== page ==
Centerra Gold can better handle mining cost inflation because of location: CEO

TORONTO – Centerra Gold is in a better position to handle inflationary pressures than many other miners because it has access to cheaper suppliers near its main operations in Asia, says the company’s CEO.

“As we’re operating in central Asia primarily, we are looking at suppliers in a lot of commodities, in a lot of areas, that a Western producer does not have access to, whether its a Kazak explosives supplier or a Ukrainian tire supplier,” CEO Steve Lang said in an interview Friday.

“We’ve had some areas there that it’s been a cost advantage to us.”

The Toronto-based gold miner has stuck to its cost and production estimates, unlike many other gold miners. Industry players are battling the higher cost of fuel, steel, local wages and equipment.

Two of the world’s top gold companies have had to revise their plans for the year in the face of cost pressures.

This week the world’s largest gold miner, Barrick Gold Corp. (TSX:ABX), increased the estimated costs on some projects as it grapples with poor weather and higher wages as well as rising prices for steel, cement, fuel and equipment.

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It followed news from the world’s second-largest producer, Goldcorp (TSX:G), which said it was cutting production estimates, blaming supplier issues and weather problems.

Lang said inflation is providing a “difficult environment” for gold miners to work in right now.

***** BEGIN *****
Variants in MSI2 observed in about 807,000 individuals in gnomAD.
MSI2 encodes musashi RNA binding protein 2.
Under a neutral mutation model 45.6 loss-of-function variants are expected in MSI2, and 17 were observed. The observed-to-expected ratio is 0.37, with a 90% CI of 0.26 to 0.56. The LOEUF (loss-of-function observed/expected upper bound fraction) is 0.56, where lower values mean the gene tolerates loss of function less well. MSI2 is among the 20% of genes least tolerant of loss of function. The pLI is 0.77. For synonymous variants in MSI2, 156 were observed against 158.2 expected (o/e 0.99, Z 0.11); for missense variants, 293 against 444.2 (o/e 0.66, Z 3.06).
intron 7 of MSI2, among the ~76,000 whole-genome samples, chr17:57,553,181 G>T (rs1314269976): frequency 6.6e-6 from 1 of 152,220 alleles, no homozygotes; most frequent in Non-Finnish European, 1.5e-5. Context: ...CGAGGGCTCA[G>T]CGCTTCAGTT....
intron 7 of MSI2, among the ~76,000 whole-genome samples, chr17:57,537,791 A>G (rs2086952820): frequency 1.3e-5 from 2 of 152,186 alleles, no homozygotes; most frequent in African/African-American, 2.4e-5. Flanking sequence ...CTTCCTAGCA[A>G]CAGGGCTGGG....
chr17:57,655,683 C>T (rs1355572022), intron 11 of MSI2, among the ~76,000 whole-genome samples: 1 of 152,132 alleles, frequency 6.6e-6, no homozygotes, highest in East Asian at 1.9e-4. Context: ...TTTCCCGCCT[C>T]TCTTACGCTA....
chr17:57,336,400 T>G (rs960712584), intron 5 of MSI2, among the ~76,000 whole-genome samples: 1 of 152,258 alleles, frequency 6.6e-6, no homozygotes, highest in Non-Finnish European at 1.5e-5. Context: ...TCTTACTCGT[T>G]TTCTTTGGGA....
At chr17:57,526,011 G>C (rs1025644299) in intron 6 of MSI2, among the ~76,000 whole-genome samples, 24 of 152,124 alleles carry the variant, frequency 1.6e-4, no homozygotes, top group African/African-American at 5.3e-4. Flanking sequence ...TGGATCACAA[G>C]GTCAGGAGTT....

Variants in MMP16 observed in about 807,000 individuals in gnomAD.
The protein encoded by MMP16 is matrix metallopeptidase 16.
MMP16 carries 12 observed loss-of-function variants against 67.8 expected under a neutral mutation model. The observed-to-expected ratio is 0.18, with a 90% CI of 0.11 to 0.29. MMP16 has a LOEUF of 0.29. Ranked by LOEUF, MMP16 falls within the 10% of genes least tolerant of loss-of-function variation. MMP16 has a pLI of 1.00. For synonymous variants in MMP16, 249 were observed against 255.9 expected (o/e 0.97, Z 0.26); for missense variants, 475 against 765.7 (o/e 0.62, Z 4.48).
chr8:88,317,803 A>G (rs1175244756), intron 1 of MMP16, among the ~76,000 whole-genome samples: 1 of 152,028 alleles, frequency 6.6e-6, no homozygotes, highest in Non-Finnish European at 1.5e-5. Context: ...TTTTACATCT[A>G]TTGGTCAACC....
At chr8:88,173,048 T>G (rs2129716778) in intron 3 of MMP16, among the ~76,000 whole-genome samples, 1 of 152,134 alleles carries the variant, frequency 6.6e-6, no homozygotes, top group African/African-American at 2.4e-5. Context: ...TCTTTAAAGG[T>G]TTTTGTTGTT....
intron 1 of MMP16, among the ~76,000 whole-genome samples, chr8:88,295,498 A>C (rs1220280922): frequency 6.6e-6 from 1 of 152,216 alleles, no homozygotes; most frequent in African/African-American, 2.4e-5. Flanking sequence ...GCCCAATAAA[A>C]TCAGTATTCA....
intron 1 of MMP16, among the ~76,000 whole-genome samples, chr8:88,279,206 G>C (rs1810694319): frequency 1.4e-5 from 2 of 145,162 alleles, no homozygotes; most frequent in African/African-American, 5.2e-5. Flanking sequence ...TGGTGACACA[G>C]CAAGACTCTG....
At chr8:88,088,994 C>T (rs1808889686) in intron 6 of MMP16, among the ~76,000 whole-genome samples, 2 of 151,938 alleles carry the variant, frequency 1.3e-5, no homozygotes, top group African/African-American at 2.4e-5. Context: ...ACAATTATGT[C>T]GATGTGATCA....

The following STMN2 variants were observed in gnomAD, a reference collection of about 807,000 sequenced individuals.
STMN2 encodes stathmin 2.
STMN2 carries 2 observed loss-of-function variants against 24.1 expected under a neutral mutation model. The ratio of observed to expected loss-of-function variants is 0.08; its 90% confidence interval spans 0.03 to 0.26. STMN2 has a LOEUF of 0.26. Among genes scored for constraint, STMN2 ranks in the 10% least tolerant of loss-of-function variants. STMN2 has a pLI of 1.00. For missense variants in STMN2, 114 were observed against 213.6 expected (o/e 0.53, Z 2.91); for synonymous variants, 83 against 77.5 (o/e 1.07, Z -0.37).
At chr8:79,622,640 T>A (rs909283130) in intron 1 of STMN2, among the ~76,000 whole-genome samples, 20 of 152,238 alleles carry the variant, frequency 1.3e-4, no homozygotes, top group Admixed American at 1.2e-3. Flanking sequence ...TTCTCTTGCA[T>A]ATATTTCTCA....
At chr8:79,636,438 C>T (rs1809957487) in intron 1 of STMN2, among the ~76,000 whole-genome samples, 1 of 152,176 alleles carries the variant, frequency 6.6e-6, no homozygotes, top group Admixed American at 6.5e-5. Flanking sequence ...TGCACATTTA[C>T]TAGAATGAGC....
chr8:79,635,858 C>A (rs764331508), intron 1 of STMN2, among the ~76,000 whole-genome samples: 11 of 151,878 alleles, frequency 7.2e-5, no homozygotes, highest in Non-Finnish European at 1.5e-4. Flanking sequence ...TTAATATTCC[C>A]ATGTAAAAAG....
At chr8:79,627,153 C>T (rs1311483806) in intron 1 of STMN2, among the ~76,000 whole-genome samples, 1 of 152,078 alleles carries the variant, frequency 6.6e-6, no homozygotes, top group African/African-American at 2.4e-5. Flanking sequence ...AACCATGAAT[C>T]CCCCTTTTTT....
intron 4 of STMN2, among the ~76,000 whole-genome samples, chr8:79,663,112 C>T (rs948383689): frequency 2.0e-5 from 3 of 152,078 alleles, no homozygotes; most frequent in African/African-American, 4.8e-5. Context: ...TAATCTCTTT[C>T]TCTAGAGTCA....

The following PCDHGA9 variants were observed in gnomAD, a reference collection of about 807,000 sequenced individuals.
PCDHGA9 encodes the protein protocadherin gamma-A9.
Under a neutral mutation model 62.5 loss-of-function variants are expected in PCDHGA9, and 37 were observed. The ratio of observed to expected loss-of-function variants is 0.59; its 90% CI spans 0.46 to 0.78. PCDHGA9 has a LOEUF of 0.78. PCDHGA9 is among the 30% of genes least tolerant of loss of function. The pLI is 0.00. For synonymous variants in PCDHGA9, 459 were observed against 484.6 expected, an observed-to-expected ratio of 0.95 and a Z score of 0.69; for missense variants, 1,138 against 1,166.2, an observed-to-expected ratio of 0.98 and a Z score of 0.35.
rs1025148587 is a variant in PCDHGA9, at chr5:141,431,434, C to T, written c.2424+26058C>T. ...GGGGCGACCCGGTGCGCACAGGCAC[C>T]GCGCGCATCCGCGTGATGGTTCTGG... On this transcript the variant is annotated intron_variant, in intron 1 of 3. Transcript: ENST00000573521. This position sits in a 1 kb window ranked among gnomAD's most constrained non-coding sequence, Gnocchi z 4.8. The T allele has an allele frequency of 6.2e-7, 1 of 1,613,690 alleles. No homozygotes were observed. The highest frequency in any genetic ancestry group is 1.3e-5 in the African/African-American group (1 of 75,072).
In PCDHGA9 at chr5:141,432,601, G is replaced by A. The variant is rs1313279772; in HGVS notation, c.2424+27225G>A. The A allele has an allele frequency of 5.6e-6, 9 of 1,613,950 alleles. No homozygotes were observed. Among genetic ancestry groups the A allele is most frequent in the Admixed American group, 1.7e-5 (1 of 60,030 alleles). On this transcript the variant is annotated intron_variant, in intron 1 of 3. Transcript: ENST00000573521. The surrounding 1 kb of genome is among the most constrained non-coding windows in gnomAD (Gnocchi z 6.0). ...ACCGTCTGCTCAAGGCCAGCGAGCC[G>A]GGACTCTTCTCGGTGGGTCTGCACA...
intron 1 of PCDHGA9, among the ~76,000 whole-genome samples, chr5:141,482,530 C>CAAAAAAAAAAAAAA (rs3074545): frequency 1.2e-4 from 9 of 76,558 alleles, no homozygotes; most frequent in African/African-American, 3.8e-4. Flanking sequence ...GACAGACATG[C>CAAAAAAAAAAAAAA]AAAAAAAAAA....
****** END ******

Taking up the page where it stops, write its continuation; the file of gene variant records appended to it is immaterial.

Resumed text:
“On fuel prices, we came into the year and had given our guidance based on (an) $85 oil price, so we’re clearly having a bit of pressure there,” Lang said.

Oil is currently trading near US$96 a barrel and has been above US$100 several times this year.

Lang added that wages in the Kyrgyz Republic, where Centerra has a major operation, have gone up about 10 per cent but the company expects inflation there to stabilize once a new government comes to power after an election this year.

Lang said Centerra is trying to cut costs by focusing on efficiency, procurement and alternative suppliers.

Meanwhile, gold miners have been riding high on the price of the precious metal, which is breaking records nearly every day. Investors are turning to the security of gold as they worry about the value of currency amid the European and United States debt crises.

Centerra Gold Inc. (TSX:CG) reported earnings results that sparkled Thursday, saying second-quarter profits soared 131 per cent over last year and revenues were up 60 per cent, with both figures beating expectations.

Centerra owns the Kumtor mine in the Kyrgyz Republic, the Boroo mine in Mongolia and interests in mines in Nevada, Turkey and Russia.